In a lot of applications, we want to apply some operation to all elements in a collection, and then aggregate these elements together in a grand unified answer. In this module, we will have a look at the map-filter-reduce strategy, as well as the accumulate operation.

Calculating an average. Easy, right? We load Statistics, and call `mean`

.
What if we made it fun? What if we made it way, way more complicated than it
has any right to be?

Let’s take a vector $\mathbf{x}$. The average value of $\mathbf{x}$ is its sum divided by its length:

$$ \frac{x_1}{n} + \frac{x_2}{n} + … + \frac{x_n}{n} $$

In other words, for every element $x_i$, we want to divide it by $n$, and then
we want to reduce all of these using the sum operation. This is a task for
`map`

and `reduce`

.

The `map`

function will take a function as argument, and apply it to every
element of a collection. For example, this is a way to use `map`

to double
every entry in an array:

```
x = [1, 2, 3, 4]
map(e -> 2e, x)
```

```
4-element Vector{Int64}:
2
4
6
8
```

On the other hand, `reduce`

accepts a binary operator (something requiring two
arguments), and applies it sequentially alongside an array until a single
value remains. For example, the sum of an array expressed as `reduce`

is:

```
y = [1, 2, 4, 5]
reduce(+, y)
```

```
12
```

And so, we have enough to build a very crude function to get the average of an array of values:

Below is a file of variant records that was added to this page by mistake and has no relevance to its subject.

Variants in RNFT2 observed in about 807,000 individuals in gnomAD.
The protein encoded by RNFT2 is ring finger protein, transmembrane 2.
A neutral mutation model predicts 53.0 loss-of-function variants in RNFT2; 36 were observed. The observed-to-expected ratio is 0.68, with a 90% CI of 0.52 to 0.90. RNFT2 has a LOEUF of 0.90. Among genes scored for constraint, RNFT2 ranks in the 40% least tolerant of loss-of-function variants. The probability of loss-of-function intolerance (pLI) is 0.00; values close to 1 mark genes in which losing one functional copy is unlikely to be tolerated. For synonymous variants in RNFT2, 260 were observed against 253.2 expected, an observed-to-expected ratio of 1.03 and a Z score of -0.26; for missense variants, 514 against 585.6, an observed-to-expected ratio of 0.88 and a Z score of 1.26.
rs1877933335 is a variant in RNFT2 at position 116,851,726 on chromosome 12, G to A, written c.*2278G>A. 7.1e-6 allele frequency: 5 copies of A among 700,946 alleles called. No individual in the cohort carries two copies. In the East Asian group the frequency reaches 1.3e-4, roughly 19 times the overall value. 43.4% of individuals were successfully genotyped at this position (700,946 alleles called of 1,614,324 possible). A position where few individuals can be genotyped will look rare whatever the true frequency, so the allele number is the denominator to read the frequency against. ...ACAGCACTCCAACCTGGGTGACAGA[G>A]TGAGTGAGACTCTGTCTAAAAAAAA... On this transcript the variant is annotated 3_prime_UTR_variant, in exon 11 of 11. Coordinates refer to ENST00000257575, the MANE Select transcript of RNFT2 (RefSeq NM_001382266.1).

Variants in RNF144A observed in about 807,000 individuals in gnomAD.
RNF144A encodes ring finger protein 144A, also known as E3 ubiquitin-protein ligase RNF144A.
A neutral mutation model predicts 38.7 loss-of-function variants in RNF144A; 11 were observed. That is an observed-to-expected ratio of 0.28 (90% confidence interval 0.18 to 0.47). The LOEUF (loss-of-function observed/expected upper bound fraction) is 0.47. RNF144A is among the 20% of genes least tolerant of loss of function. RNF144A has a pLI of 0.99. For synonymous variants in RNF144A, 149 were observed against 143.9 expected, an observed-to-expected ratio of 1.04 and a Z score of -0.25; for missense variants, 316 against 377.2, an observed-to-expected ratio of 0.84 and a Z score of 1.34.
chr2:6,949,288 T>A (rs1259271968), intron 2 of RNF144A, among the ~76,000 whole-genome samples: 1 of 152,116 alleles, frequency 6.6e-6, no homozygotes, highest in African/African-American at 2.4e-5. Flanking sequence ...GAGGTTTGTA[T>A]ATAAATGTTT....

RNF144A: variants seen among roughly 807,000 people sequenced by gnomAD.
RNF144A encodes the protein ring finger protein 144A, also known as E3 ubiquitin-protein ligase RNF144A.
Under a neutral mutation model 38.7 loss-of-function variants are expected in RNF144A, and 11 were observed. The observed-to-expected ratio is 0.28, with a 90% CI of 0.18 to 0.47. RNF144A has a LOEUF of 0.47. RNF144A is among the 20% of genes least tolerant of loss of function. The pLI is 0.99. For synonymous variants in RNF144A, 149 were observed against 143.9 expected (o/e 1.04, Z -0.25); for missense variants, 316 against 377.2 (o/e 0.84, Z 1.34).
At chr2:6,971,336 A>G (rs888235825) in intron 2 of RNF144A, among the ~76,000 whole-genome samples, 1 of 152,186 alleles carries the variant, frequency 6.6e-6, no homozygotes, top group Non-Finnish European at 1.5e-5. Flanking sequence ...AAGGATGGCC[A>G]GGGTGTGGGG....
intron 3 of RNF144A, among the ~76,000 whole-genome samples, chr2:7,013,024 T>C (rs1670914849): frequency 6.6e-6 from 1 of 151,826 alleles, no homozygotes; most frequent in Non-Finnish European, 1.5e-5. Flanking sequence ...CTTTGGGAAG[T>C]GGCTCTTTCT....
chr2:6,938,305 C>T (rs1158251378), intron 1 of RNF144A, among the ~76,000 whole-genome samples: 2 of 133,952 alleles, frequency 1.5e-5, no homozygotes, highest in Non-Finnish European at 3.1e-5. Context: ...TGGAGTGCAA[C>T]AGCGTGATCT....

```
x = [1, 2, 3, 4, 5, 6, 7]
n = length(x)
reduce(+, map(e -> e / n, x))
```

```
4.0
```

`reduce`

operation has no well defined behavior when using an
operator without associativity, like a substraction. This is because
`reduce(-, [a,b,c])`

can be `a-(b-c)`

or `(a-b)-c`

; the documentation for
`reduce`

has a number of alternatives to suggest.Another function that is often used together with `map`

and `reduce`

is
`filter`

. The `filter`

function evaluates a condition on every element of a
collection:

```
filter(isodd, 1:10)
```

```
5-element Vector{Int64}:
1
3
5
7
9
```

Using `filter`

can be done *before* `map`

(we want to apply on operation, but
only on some elements), or *after* `map`

(we want to apply the operation and
see where we stand). This sequence of operations is commonly known as
map-filter-reduce, and is a very expressive way of chaining together
operations.

Another related function is `accumulate`

, which works much like `reduce`

but
without collapsing the vector to a single element. For example the sequence of
$n!$ is

```
accumulate(*, 1:5)
```

```
5-element Vector{Int64}:
1
2
6
24
120
```

and the cumulative sum of an array is

```
accumulate(+, 1:5)
```

```
5-element Vector{Int64}:
1
3
6
10
15
```

Chained together, these four functions can get *really* powerful. For example,
we can use `accumulate`

to write a logistic growth model in a single line. We
can define some parameters:

```
r, K, n₀ = 2.3, 1.0, 0.01
```

```
(2.3, 1.0, 0.01)
```

We can now define a model that takes two arguments, as per the documentation
of `accumulate`

(which you should definitely read):

```
model = (n, _) -> n + n * r * (1 - n / K)
```

```
#5 (generic function with 1 method)
```

And run it for a number of steps defined by the array; note that we use the
`init`

keyword to “seed” the process with a value of our choice, here the
initial population size:

```
nt = accumulate(model, zeros(Float64, 10); init = n₀)
```

```
10-element Vector{Any}:
0.03277
0.10567109233
0.3230319312543046
0.8260012273364679
1.156564586819236
0.7400873564894737
1.1825108973734353
0.6861223097964039
1.1814468271273222
0.6883963372629648
```

This is a time-discrete model with no loop!

`map`

function has a variant for arrays with more than one
dimension called `mapslices`

, which works on slices of high-dimensional
arrays. It’s useful to perform, *e.g.*, row-wise or column-wise operations on matrices.